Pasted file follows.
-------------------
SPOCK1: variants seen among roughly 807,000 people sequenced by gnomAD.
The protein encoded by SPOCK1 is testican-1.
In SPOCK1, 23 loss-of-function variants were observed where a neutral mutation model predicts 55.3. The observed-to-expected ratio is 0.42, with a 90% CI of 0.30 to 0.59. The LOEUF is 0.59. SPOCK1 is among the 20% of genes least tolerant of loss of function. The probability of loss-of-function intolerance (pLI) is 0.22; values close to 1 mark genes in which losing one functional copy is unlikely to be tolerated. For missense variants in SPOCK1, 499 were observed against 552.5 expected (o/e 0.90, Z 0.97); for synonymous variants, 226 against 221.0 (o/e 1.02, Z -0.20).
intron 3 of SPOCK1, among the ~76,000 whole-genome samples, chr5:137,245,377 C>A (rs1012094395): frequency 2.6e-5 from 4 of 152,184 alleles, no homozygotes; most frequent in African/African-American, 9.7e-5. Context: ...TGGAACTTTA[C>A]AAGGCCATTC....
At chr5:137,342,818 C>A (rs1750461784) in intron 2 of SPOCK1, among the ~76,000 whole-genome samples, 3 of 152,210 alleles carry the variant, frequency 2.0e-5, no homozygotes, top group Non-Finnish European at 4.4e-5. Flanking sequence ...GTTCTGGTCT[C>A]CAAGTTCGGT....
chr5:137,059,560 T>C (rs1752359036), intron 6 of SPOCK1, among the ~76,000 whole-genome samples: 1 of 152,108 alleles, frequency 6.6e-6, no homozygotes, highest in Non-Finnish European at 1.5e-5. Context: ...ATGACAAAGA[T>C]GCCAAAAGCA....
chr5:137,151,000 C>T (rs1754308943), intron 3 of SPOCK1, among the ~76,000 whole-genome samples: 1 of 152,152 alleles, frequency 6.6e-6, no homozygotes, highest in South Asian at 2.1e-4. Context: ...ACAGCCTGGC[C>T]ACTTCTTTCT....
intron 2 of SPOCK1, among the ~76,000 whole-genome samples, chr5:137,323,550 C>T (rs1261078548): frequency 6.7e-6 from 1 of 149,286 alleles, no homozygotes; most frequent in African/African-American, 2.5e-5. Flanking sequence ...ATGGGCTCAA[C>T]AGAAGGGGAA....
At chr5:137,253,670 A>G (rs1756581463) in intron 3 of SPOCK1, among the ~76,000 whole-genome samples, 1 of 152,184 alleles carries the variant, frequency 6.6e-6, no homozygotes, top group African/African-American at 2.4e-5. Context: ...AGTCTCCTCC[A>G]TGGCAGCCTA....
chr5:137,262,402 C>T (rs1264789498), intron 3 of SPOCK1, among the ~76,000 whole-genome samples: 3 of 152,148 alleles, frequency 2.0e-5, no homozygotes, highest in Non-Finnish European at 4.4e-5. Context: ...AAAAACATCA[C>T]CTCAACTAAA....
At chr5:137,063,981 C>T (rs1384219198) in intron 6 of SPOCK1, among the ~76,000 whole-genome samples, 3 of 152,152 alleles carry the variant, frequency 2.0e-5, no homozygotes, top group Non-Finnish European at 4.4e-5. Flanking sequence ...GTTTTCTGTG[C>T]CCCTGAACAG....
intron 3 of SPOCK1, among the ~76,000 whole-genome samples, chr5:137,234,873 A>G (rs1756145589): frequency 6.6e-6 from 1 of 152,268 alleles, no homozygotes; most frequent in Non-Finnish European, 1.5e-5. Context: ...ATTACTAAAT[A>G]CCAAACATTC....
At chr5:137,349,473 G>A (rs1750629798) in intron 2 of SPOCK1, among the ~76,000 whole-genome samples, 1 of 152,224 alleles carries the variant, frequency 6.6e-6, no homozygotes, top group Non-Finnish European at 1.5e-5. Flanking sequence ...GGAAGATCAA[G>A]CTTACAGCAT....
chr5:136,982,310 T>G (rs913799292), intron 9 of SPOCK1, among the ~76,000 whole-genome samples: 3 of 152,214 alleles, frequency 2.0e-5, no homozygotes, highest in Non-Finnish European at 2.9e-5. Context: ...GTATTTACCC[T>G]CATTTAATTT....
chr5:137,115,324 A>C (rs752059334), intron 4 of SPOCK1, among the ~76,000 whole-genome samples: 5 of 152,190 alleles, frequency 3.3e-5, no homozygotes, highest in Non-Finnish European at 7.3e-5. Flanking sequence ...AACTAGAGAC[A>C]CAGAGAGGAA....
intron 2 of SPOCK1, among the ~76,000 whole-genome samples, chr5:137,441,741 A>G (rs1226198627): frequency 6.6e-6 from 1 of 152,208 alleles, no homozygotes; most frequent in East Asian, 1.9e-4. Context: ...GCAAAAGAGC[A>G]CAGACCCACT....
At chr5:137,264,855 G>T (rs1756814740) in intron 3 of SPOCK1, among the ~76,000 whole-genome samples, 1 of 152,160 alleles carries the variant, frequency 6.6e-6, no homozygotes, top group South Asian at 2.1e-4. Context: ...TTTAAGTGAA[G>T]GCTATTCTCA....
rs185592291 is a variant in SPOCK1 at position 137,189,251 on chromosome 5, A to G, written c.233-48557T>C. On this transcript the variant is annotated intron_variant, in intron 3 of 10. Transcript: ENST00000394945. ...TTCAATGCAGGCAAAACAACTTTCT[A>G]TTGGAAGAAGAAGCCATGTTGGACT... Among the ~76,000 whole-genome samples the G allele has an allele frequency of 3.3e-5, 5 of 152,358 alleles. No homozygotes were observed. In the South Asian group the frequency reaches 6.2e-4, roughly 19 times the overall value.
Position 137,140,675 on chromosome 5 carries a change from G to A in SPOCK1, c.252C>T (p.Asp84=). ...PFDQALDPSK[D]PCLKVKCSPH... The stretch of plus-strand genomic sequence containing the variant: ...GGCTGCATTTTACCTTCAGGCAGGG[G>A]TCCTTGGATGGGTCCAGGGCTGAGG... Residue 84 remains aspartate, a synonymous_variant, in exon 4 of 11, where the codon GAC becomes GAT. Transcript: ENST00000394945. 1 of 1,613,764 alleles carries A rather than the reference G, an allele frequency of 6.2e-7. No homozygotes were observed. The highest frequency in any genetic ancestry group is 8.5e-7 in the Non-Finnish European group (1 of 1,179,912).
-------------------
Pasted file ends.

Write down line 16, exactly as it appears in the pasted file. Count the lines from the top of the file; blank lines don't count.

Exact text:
intron 2 of SPOCK1, among the ~76,000 whole-genome samples, chr5:137,441,741 A>G (rs1226198627): frequency 6.6e-6 from 1 of 152,208 alleles, no homozygotes; most frequent in East Asian, 1.9e-4. Context: ...GCAAAAGAGC[A>G]CAGACCCACT....